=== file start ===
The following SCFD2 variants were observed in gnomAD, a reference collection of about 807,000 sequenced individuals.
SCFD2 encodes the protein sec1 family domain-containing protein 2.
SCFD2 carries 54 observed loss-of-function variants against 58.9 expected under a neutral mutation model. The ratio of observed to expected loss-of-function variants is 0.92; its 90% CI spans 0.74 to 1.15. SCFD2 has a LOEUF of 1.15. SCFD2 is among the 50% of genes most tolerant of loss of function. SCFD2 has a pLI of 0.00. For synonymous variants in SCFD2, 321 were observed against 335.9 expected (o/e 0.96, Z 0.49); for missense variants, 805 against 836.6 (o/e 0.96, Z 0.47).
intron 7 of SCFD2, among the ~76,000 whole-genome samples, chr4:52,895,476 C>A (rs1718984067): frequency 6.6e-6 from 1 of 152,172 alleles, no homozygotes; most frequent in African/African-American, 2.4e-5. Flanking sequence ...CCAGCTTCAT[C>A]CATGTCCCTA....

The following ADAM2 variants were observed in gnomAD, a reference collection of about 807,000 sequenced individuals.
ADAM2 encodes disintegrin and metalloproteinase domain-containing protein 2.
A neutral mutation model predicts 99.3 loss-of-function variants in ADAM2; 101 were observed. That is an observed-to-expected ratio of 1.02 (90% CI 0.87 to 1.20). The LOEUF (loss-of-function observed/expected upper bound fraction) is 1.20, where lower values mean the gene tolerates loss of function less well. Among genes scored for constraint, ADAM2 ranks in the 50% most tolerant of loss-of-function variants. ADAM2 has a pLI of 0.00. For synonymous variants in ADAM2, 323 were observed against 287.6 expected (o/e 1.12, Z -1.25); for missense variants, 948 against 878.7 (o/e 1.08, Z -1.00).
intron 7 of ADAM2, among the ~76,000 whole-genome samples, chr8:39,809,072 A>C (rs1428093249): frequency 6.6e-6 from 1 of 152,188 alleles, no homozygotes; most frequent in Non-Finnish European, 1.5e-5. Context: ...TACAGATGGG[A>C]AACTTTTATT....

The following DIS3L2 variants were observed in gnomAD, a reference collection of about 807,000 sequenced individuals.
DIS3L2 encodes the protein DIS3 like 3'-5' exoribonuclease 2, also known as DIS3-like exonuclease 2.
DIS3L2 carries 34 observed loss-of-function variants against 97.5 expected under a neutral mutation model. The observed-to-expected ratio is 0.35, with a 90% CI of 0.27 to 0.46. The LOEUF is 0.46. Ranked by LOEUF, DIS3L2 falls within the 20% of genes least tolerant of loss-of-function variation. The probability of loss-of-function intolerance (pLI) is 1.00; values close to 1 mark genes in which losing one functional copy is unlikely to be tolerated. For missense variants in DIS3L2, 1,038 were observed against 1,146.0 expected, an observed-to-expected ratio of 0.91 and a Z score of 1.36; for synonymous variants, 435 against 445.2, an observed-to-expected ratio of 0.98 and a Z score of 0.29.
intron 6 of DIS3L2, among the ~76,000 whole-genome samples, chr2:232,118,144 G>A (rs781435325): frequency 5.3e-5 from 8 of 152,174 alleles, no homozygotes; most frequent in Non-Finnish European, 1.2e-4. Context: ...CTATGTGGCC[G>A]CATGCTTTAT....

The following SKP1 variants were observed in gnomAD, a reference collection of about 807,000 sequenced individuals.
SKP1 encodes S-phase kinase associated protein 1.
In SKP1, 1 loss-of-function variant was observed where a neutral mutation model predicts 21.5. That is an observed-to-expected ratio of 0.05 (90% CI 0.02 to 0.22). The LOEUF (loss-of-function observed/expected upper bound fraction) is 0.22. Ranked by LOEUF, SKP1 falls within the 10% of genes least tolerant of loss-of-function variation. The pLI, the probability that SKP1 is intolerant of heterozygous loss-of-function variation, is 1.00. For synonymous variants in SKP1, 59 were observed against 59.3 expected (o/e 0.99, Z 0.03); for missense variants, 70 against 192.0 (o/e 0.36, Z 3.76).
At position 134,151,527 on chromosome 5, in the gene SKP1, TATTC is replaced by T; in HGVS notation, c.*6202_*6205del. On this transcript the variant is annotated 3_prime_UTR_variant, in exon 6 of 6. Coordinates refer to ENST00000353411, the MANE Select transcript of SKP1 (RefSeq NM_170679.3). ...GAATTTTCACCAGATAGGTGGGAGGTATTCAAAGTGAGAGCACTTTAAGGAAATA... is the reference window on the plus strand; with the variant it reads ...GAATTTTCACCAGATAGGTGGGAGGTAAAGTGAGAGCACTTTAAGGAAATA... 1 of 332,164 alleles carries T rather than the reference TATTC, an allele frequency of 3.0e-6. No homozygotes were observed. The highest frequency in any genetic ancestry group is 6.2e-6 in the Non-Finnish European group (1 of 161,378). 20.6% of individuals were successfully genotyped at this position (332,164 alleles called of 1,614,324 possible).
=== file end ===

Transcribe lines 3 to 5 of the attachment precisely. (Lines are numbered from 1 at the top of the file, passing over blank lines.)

SCFD2 carries 54 observed loss-of-function variants against 58.9 expected under a neutral mutation model. The ratio of observed to expected loss-of-function variants is 0.92; its 90% CI spans 0.74 to 1.15. SCFD2 has a LOEUF of 1.15. SCFD2 is among the 50% of genes most tolerant of loss of function. SCFD2 has a pLI of 0.00. For synonymous variants in SCFD2, 321 were observed against 335.9 expected (o/e 0.96, Z 0.49); for missense variants, 805 against 836.6 (o/e 0.96, Z 0.47).
intron 7 of SCFD2, among the ~76,000 whole-genome samples, chr4:52,895,476 C>A (rs1718984067): frequency 6.6e-6 from 1 of 152,172 alleles, no homozygotes; most frequent in African/African-American, 2.4e-5. Flanking sequence ...CCAGCTTCAT[C>A]CATGTCCCTA....

The following ADAM2 variants were observed in gnomAD, a reference collection of about 807,000 sequenced individuals.